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author
Möller, Ina Maria LU
supervisor
organization
course
MESM01 20141
year
type
H2 - Master's Degree (Two Years)
subject
keywords
Market Power Europe, Normative Power Europe, EU, PPMs, Sustainability Science
publication/series
Master Thesis Series in Environmental Studies and Sustainability Science
report number
2014:027
language
English
id
4462836
date added to LUP
2014-06-23 11:37:34
date last changed
2014-06-23 11:37:34
@misc{4462836,
  abstract     = {The production and consumption of material goods, and the expansion of globalised trade have led to an increased outsourcing of resource depletion and pollution by post-industrialised countries. Although governments with sustainability policies may have improved standards in process and production methods (PPMs) within their own territories, the consumption of imported goods continues to have negative social and environmental impacts in the countries of origin. 

Consumers (as well as producers) should assume responsibility for these negative impacts of their consumption. I examine the European Union (EU) as a major global consumer and its efforts to address its responsibilities by using trade barriers to enforce higher PPM standards abroad. I use the theoretical concepts of Normative Power Europe (NPE) and Market Power Europe (MPE) to analyse the role of EU norms in addressing PPM standards through trade legislation and whether the EU’s market power is sufficient to cause the diffusion of standards abroad. I do this by first analysing legislation that restricts trade based on a PPM, and then testing whether this has had an impact on global trade flows for the associated product. 

My results show that the use of trade barriers to regulate PPMs is limited to highly salient and publicly debated topics. The instruments used to restrict trade have increasingly transferred the burden of control to the market participants’ side, predominantly using certification schemes and labelling rather than permits and bans. Furthermore, contemporaneous international norms and foci reflect the concerns used to justify these trade restrictions. The EU’s use of PPM requirements does have some effect on policy changes in the countries that it trades with, especially if these are small and highly integrated in trading with the EU through bilateral trade agreements. However, the EU’s influence on other powerful economies is rather low. Producers will reorient their exports to alternative markets if trade barriers are too high. Concerning broader questions of governance and sustainability, I conclude that the use of trade restrictions is generally a controversial policy measure, and calls attention to social and environmental grievances amongst a wider audience than purely political negotiations do.},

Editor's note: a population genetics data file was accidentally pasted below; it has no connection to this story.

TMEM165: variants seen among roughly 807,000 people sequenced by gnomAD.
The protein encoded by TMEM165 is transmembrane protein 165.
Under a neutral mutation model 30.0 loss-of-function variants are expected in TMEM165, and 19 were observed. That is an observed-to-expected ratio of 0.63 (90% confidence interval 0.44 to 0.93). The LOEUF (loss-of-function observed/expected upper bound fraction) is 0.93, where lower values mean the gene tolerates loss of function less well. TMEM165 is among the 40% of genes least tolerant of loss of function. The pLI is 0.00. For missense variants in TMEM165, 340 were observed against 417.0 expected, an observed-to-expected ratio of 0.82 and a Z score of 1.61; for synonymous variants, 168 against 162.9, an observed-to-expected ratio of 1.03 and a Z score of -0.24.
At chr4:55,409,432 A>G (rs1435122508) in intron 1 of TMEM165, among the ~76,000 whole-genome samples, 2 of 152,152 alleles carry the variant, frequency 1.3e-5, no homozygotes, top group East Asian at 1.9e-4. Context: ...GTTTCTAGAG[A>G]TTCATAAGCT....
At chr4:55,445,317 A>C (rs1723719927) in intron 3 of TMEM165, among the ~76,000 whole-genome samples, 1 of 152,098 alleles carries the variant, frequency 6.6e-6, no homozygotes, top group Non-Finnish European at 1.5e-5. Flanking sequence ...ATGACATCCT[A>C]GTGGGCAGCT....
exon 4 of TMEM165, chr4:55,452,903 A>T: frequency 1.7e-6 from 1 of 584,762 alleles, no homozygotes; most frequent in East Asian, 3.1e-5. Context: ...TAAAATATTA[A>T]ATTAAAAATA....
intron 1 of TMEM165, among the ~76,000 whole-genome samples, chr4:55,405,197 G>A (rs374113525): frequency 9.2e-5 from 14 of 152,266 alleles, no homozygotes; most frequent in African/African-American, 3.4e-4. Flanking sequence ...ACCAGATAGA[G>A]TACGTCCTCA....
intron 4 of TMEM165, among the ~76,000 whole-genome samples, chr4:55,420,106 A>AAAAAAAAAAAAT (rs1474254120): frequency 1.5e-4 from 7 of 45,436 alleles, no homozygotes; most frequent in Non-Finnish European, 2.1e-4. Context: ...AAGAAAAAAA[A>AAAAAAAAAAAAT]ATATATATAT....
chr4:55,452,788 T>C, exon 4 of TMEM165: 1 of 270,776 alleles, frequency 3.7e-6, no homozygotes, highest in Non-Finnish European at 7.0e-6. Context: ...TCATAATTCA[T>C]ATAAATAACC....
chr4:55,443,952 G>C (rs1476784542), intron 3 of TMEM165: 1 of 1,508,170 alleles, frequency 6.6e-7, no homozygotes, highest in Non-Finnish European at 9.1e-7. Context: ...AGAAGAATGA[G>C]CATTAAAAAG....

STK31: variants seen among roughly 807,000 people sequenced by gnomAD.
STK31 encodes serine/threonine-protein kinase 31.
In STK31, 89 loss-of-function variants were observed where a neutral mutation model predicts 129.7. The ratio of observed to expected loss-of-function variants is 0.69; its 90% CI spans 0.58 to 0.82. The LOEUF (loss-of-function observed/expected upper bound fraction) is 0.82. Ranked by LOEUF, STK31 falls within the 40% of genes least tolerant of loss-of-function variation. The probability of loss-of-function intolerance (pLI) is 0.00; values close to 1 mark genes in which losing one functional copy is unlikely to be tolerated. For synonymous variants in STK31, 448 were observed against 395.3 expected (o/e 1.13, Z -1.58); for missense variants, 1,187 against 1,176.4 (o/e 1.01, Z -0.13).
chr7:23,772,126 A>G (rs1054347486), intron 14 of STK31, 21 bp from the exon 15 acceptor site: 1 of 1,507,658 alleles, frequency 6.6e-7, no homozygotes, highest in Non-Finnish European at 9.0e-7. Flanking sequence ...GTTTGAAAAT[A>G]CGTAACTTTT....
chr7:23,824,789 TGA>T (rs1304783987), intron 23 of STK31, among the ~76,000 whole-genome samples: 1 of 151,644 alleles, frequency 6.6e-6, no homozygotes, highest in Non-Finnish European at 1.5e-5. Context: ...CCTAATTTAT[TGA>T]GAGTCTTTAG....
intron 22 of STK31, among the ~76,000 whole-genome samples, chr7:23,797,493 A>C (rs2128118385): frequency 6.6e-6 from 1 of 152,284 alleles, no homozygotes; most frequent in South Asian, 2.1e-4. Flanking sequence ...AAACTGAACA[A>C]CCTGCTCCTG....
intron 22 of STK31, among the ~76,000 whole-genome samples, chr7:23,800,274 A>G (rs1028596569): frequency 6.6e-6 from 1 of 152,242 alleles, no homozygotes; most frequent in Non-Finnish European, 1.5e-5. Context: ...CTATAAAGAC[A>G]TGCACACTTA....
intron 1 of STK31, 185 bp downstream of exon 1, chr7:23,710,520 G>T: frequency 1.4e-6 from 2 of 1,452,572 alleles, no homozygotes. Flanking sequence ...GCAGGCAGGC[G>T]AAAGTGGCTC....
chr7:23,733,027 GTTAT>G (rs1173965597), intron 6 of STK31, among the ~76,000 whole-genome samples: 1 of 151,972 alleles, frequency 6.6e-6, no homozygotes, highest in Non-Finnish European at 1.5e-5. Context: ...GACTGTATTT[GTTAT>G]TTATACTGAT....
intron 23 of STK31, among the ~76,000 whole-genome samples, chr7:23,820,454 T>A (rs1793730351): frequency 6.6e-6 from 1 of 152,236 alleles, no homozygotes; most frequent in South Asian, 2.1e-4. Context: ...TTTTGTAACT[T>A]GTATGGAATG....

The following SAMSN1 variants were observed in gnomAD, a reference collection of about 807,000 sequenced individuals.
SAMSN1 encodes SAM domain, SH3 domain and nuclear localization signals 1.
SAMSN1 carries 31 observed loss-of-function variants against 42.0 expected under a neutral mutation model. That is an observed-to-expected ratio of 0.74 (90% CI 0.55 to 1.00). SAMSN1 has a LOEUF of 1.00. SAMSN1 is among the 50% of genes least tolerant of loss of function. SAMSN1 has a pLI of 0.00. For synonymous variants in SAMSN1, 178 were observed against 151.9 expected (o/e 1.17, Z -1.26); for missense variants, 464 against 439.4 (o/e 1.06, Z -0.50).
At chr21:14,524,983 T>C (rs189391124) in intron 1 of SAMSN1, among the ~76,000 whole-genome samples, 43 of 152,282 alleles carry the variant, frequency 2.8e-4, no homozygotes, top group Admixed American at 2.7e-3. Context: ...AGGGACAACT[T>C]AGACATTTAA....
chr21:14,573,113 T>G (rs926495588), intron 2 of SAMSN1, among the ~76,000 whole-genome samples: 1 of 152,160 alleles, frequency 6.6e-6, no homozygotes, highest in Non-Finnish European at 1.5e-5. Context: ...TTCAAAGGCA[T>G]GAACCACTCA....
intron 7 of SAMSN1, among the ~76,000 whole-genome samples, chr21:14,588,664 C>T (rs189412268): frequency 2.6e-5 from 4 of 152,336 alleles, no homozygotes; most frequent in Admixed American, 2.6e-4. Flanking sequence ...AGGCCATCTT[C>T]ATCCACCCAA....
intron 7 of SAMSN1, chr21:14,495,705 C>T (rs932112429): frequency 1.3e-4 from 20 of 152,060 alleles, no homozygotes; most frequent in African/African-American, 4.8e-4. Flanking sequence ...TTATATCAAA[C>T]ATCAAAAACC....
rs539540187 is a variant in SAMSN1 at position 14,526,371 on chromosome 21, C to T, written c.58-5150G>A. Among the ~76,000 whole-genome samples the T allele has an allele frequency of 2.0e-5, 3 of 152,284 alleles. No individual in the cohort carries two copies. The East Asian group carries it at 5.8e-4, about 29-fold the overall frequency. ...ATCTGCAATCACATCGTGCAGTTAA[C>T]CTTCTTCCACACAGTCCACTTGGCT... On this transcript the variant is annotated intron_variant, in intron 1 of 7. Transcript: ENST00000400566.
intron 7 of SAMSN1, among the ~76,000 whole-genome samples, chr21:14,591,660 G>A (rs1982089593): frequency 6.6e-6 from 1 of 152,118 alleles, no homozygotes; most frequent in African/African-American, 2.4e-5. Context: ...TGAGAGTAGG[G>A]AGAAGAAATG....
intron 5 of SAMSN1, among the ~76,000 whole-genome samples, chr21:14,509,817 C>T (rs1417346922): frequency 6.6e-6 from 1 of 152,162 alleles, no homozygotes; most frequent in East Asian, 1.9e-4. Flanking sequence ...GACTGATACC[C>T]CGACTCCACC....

author       = {Möller, Ina Maria},
  keyword      = {Market Power Europe,Normative Power Europe,EU,PPMs,Sustainability Science},
  language     = {eng},
  note         = {Student Paper},
  series       = {Master Thesis Series in Environmental Studies and Sustainability Science},
  title        = {Importing products, exporting standards? : examining how the European Union diffuses sustainable process and production methods through trade restriction},
  year         = {2014},
}